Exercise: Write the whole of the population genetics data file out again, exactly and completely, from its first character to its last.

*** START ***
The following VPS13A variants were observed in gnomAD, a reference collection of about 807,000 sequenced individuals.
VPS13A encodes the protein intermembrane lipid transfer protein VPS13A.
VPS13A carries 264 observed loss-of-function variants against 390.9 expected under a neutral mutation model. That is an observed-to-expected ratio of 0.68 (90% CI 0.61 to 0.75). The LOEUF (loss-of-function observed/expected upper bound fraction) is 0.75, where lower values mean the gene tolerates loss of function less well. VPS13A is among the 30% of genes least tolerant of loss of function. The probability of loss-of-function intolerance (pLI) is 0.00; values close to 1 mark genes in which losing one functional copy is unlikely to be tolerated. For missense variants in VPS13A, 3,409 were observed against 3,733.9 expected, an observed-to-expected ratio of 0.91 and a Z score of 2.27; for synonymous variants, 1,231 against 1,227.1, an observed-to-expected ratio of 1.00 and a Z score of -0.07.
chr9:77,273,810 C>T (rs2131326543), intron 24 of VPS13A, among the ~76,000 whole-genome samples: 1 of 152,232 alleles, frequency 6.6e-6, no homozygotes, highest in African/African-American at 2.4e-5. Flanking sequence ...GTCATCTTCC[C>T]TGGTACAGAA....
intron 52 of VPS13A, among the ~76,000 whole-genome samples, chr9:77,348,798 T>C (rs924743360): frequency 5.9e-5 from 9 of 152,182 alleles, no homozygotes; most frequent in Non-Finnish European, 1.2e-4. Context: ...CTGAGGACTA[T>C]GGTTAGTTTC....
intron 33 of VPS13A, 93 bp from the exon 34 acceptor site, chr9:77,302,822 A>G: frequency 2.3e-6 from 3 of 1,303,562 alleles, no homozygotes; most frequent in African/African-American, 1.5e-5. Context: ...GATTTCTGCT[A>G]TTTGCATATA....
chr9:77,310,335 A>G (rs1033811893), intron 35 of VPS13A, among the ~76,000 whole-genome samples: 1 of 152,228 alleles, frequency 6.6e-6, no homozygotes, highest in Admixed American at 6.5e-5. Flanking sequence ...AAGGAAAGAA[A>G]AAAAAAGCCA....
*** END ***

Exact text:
The following VPS13A variants were observed in gnomAD, a reference collection of about 807,000 sequenced individuals.
VPS13A encodes the protein intermembrane lipid transfer protein VPS13A.
VPS13A carries 264 observed loss-of-function variants against 390.9 expected under a neutral mutation model. That is an observed-to-expected ratio of 0.68 (90% CI 0.61 to 0.75). The LOEUF (loss-of-function observed/expected upper bound fraction) is 0.75, where lower values mean the gene tolerates loss of function less well. VPS13A is among the 30% of genes least tolerant of loss of function. The probability of loss-of-function intolerance (pLI) is 0.00; values close to 1 mark genes in which losing one functional copy is unlikely to be tolerated. For missense variants in VPS13A, 3,409 were observed against 3,733.9 expected, an observed-to-expected ratio of 0.91 and a Z score of 2.27; for synonymous variants, 1,231 against 1,227.1, an observed-to-expected ratio of 1.00 and a Z score of -0.07.
chr9:77,273,810 C>T (rs2131326543), intron 24 of VPS13A, among the ~76,000 whole-genome samples: 1 of 152,232 alleles, frequency 6.6e-6, no homozygotes, highest in African/African-American at 2.4e-5. Flanking sequence ...GTCATCTTCC[C>T]TGGTACAGAA....
intron 52 of VPS13A, among the ~76,000 whole-genome samples, chr9:77,348,798 T>C (rs924743360): frequency 5.9e-5 from 9 of 152,182 alleles, no homozygotes; most frequent in Non-Finnish European, 1.2e-4. Context: ...CTGAGGACTA[T>C]GGTTAGTTTC....
intron 33 of VPS13A, 93 bp from the exon 34 acceptor site, chr9:77,302,822 A>G: frequency 2.3e-6 from 3 of 1,303,562 alleles, no homozygotes; most frequent in African/African-American, 1.5e-5. Context: ...GATTTCTGCT[A>G]TTTGCATATA....
chr9:77,310,335 A>G (rs1033811893), intron 35 of VPS13A, among the ~76,000 whole-genome samples: 1 of 152,228 alleles, frequency 6.6e-6, no homozygotes, highest in Admixed American at 6.5e-5. Flanking sequence ...AAGGAAAGAA[A>G]AAAAAAGCCA....